Biochemical Engineering Journal (v.4, #2)
Bioreactors for plant engineering: an outlook for further research by Lidija Sajc; Dragan Grubisic; Gordana Vunjak-Novakovic (89-99).
This paper reviews bioreactor related aspects of large scale plant cell technology for the production of biologically active compounds. Bioreactor designs currently in use are discussed with respect to specific operating parameters that can be varied to modulate cell growth and function in order to optimize product release and separation. Flow and mixing are recognized as key factors responsible for both the direct hydrodynamic effects on cell shape and function and flow induced changes in mass transfer of nutrients and metabolites. The integration of biosynthesis and separation is considered as a possible approach towards more efficient plant cell and tissue culture.
Keywords: Plant cell bioreactors; Plant cell culture; Mixing; Bioseparations;
Separation of glucose/fructose mixtures: counter-current adsorption system by Lj. Matijašević; Đ. Vasić-Rački (101-106).
In the present study a simulated counter current adsorption system was used to separate two components with different adsorption selectivity. The system consists of four columns connected in series, packed with Lewatit MDS 1368. The mathematical model was developed to calculate concentration profiles in the adsorbers where the adsorption isotherms were presented by linear equations. Concentration profiles were calculated from a dispersed flow model. On the basis of this model a theoretical system analysis was carried out showing that there is an optimal ratio of process parameters (feed/eluent) where the effectiveness of separation in counter current adsorption system can be improved.
Keywords: Adsorption isotherms; Counter-current system; Glucose/fructose separation;
Effect of solution conditions on protein damage in foam by J.R Clarkson; Z.F Cui; R.C Darton (107-114).
In this study we investigated the conditions under which protein damage during foaming could be reduced. We used bovine serum albumin (BSA), immunoglobulin G (IgG), pepsin, catalase and lysozyme. The parameters examined were ionic strength, pH, protein concentration and the addition of sugars (trehalose and sucrose). Results showed that protein damage can be reduced by operating at optimal ionic strength and pH, and to a lesser extent, by the addition of sugars. Solution conditions under which the native structure of the protein was stabilised in solution favoured a reduction in the amount of damage, due to lower surface adsorption. The actual quantity of protein damaged in foaming was found to be relatively insensitive to changes in the bulk protein concentration, provided that the concentration was near to, or greater than, the apparent CMC value.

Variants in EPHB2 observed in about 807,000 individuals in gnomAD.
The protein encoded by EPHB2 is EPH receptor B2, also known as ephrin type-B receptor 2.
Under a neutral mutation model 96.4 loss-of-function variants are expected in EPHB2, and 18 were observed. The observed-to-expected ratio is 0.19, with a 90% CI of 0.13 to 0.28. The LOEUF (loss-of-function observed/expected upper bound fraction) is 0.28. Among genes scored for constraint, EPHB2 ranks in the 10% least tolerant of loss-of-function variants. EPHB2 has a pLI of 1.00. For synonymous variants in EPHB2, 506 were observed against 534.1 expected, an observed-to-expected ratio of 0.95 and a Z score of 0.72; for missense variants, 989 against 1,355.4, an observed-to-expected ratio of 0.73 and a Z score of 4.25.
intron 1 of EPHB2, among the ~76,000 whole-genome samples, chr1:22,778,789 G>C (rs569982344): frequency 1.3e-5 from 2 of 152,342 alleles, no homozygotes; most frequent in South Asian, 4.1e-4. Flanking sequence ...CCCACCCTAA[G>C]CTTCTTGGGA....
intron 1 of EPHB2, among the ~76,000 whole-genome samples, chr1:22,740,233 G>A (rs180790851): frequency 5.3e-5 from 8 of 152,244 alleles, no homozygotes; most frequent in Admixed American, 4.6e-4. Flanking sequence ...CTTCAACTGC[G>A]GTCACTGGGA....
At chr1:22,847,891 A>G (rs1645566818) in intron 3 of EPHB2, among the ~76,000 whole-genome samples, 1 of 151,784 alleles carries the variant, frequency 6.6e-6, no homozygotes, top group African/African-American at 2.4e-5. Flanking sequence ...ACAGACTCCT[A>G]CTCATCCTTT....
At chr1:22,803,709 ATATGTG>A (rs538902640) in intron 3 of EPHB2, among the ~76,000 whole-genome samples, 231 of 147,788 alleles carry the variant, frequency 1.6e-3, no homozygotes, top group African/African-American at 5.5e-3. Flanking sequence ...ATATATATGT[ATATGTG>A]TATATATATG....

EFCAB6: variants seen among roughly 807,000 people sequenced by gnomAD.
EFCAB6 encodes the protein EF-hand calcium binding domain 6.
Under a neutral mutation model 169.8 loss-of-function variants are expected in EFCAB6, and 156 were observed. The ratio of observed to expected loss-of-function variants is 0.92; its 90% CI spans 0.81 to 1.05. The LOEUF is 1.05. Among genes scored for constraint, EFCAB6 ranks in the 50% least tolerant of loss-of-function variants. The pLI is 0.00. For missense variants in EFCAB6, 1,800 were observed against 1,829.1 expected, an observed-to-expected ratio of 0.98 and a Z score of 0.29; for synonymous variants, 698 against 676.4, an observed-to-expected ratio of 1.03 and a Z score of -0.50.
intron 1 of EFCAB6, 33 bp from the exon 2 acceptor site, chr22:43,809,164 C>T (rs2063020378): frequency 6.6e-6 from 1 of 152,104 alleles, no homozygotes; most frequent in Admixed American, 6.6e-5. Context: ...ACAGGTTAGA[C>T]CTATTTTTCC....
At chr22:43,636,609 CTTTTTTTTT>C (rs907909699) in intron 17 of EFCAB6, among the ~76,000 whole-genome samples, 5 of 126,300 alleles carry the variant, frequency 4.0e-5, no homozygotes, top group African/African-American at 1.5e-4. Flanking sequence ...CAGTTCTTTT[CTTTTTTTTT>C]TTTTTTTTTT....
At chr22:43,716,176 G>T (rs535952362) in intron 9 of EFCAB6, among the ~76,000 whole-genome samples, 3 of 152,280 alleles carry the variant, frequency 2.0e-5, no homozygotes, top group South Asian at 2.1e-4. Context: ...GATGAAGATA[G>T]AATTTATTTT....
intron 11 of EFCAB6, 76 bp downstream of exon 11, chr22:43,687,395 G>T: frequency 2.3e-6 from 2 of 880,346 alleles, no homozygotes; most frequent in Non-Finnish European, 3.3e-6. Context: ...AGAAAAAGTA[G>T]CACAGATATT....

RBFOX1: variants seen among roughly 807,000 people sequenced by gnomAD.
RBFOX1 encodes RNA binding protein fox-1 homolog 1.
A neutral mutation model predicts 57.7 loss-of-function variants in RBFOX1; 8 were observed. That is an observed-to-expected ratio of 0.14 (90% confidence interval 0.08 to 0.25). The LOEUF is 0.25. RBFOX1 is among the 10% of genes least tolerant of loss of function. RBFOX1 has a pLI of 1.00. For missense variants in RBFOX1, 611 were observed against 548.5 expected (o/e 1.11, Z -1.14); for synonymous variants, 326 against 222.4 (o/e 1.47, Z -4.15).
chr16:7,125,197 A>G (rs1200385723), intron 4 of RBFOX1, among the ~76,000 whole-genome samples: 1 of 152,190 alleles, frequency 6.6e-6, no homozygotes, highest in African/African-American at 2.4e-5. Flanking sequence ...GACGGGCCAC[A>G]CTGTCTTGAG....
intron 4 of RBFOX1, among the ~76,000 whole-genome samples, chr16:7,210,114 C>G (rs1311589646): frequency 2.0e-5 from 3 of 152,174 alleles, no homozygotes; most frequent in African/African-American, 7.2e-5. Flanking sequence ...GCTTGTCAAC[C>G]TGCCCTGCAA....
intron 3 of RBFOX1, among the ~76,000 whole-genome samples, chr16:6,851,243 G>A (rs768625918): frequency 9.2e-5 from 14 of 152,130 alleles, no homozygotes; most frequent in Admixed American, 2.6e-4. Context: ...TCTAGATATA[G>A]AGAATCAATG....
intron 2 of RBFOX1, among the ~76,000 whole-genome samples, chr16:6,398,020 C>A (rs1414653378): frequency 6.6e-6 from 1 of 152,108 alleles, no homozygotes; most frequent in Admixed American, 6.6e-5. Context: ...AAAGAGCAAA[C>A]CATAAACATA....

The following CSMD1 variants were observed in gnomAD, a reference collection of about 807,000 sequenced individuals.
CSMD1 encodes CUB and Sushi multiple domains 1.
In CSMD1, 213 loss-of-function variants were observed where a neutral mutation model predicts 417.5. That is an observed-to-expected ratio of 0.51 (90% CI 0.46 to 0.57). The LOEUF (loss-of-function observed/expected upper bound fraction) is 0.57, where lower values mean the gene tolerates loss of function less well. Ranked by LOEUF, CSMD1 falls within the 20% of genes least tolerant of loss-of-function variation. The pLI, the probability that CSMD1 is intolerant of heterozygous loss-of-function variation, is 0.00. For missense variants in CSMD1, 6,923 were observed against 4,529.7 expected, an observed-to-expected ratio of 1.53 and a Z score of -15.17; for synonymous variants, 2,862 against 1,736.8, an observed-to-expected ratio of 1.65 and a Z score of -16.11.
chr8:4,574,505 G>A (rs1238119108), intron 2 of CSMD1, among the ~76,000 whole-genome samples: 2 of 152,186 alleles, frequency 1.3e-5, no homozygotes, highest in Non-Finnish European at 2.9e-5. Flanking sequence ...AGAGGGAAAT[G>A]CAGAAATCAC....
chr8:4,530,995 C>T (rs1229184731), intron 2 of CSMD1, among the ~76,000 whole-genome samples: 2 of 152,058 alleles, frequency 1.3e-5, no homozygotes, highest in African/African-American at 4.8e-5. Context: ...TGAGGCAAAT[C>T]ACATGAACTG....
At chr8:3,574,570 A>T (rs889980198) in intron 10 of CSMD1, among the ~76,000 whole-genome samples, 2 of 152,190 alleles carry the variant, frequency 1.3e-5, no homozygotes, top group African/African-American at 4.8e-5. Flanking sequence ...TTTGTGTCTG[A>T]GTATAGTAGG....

Keywords: Biophysical chemistry; Bubble columns; Enzyme deactivation; Protein denaturation; Foam; Ionic strength;
Submerged culture production of chitinase by Trichoderma harzianum in stirred tank bioreactors – the influence of agitator speed by P.Arthur Felse; T Panda (115-120).
The chitinase fermentation process utilizing chitin as the sole carbon source was investigated in a stirred tank bioreactor. Agitator speed of 224 rpm was found to be most suitable for cell growth as well as for chitinase production. Chitinase yield decreased rapidly at higher agitator speed, while decrease in cell yield at higher agitator speed was not rapid. Probably, mass transfer limitation was predominant in the fermentation process at lower agitator speed. Higher agitator speed appears to reduce chitinase production.
Keywords: Agitation; Bioreactors; Chitinase; Kinetics; Trichoderma harzianum; Yield;
Fed-batch propionic acid production by Propionibacterium acidipropionici by Vandana Goswami; A.K. Srivastava (121-128).
The batch fermentations were conducted using lactose as the substrate at pH 6.5 and temperature 30°C. Average batch kinetic data was eventually used to develop an unstructured mathematical model. The kinetic parameters of the model were determined by non-linear regression technique using the batch experimental results. Parametric sensitivity analysis showed the maximum specific substrate consumption rate (r S max) and the maintenance energy constant (m S) to be the most sensitive parameters. The experimental observations in batch fermentation were close to the model predictions. The batch model was extrapolated to identify nutrient feeding strategies, which were tested successfully for two different fed-batch fermentations. It demonstrated enhanced propionic acid productivity. The developed model was found suitable for the design of feeding strategies to increase propionic acid production in fed-batch mode of reactor operation.
Keywords: Batch/fed-batch propionic acid fermentation; Modelling of kinetics;
Axial dispersion of liquid in fluidised bed with external recycling: two dynamic modelling approaches with a view to control by V. Otton; J.Y. Hihn; J.F. Béteau; F. Delpech; A. Chéruy (129-136).